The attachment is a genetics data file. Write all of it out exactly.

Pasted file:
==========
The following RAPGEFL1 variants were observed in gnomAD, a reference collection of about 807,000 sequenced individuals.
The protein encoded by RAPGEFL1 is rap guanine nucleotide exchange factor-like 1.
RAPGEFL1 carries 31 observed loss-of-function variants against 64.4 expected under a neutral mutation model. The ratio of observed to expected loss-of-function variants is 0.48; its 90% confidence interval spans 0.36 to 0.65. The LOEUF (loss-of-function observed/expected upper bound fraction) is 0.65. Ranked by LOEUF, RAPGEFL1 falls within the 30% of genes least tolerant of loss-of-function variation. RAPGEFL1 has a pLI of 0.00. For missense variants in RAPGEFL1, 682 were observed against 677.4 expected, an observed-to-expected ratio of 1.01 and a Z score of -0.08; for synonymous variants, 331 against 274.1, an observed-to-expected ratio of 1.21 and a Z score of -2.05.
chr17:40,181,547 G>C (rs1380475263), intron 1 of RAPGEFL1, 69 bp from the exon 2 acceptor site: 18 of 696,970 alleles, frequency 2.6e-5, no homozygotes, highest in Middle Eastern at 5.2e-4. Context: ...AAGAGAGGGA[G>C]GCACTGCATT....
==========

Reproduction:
The following RAPGEFL1 variants were observed in gnomAD, a reference collection of about 807,000 sequenced individuals.
The protein encoded by RAPGEFL1 is rap guanine nucleotide exchange factor-like 1.
RAPGEFL1 carries 31 observed loss-of-function variants against 64.4 expected under a neutral mutation model. The ratio of observed to expected loss-of-function variants is 0.48; its 90% confidence interval spans 0.36 to 0.65. The LOEUF (loss-of-function observed/expected upper bound fraction) is 0.65. Ranked by LOEUF, RAPGEFL1 falls within the 30% of genes least tolerant of loss-of-function variation. RAPGEFL1 has a pLI of 0.00. For missense variants in RAPGEFL1, 682 were observed against 677.4 expected, an observed-to-expected ratio of 1.01 and a Z score of -0.08; for synonymous variants, 331 against 274.1, an observed-to-expected ratio of 1.21 and a Z score of -2.05.
chr17:40,181,547 G>C (rs1380475263), intron 1 of RAPGEFL1, 69 bp from the exon 2 acceptor site: 18 of 696,970 alleles, frequency 2.6e-5, no homozygotes, highest in Middle Eastern at 5.2e-4. Context: ...AAGAGAGGGA[G>C]GCACTGCATT....